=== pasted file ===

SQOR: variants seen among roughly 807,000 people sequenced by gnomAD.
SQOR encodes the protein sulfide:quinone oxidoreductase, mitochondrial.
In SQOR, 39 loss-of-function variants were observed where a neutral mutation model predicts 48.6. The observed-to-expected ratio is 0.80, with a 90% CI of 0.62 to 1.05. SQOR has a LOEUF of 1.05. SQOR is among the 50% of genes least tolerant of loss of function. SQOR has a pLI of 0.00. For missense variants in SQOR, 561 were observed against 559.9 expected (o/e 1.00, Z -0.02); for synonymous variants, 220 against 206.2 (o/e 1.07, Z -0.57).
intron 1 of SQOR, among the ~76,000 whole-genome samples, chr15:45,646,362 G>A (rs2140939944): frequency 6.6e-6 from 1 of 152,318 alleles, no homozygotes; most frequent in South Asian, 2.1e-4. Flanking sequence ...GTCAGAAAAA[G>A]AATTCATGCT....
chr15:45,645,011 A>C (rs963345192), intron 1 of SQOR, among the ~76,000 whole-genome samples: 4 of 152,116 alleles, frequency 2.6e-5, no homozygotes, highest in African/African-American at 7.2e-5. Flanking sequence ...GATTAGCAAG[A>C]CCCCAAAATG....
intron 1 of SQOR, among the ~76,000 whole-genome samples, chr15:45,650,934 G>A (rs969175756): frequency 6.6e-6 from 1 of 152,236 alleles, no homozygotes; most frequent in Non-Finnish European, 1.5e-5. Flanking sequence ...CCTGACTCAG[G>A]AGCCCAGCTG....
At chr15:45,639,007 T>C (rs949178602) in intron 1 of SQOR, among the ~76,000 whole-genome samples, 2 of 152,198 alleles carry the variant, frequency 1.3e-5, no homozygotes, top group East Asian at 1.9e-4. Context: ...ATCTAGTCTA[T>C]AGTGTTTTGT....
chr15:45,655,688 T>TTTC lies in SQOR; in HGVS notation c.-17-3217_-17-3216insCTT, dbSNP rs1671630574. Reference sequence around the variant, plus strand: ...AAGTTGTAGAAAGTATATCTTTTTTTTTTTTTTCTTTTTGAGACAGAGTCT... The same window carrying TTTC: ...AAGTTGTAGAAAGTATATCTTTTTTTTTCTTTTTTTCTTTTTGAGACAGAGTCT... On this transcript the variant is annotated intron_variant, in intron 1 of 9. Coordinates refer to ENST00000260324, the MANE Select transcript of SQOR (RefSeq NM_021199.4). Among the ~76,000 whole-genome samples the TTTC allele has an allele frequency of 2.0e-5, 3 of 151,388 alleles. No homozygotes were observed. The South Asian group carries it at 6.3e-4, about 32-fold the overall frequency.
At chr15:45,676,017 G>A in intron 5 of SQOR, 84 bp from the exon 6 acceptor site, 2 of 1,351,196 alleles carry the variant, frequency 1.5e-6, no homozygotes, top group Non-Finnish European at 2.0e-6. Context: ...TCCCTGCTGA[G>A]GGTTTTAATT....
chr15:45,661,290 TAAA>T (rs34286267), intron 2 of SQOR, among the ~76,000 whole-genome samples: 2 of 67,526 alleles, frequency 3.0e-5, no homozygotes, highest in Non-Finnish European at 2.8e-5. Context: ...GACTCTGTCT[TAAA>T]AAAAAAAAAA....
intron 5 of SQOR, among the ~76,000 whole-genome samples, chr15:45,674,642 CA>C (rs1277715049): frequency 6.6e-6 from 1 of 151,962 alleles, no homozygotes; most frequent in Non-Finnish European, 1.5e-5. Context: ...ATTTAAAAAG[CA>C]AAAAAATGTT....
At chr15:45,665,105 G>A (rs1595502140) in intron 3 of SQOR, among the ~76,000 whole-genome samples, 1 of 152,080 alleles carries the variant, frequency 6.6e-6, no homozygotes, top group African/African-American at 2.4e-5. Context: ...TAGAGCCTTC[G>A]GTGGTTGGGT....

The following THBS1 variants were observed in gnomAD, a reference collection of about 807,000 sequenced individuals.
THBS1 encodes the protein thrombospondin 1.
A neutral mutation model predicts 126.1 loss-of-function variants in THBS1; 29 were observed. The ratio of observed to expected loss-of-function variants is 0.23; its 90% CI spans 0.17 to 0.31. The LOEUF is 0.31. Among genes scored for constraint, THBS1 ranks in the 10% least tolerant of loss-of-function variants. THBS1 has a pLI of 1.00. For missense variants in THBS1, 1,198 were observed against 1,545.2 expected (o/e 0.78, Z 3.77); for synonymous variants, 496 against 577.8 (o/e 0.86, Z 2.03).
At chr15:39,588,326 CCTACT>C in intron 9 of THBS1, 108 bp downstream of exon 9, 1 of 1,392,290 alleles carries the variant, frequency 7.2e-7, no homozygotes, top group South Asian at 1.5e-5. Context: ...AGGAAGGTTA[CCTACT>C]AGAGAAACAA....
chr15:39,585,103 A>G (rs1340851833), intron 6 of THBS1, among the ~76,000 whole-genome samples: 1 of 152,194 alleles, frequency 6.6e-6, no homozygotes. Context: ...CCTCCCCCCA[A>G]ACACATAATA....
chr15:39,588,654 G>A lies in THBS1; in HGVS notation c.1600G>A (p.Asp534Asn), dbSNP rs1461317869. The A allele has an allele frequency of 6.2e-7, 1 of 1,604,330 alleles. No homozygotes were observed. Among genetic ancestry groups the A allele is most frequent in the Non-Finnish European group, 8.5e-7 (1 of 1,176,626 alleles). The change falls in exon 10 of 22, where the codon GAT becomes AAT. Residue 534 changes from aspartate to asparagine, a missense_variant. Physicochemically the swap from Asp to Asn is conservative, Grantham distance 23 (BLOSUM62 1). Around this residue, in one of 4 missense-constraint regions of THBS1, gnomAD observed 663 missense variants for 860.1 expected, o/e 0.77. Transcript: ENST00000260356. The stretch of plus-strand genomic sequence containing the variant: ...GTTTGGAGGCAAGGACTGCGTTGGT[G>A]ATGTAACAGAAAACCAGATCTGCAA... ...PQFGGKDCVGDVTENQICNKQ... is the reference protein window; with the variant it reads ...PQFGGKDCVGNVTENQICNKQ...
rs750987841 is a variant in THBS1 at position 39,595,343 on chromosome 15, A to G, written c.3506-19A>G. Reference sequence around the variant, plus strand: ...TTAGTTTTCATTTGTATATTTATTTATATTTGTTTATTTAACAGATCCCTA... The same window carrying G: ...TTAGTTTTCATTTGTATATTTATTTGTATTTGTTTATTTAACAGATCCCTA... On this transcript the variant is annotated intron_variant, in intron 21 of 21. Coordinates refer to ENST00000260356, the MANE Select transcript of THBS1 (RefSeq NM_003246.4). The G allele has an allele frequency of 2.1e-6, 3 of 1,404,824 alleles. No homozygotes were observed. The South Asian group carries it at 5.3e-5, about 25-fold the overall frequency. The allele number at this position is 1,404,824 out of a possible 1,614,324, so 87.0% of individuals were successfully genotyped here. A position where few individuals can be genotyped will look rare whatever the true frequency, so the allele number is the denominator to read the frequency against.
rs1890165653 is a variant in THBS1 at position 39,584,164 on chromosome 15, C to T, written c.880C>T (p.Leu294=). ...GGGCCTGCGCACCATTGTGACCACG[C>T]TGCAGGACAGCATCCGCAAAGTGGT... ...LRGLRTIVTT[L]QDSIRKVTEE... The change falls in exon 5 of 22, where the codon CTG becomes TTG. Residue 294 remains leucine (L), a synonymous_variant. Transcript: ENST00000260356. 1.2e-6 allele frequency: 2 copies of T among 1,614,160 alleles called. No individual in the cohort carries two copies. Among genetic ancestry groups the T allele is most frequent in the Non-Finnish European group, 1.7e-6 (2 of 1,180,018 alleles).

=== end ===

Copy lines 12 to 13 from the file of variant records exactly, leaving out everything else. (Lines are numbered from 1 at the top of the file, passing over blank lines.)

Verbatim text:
At chr15:45,665,105 G>A (rs1595502140) in intron 3 of SQOR, among the ~76,000 whole-genome samples, 1 of 152,080 alleles carries the variant, frequency 6.6e-6, no homozygotes, top group African/African-American at 2.4e-5. Context: ...TAGAGCCTTC[G>A]GTGGTTGGGT....

The following THBS1 variants were observed in gnomAD, a reference collection of about 807,000 sequenced individuals.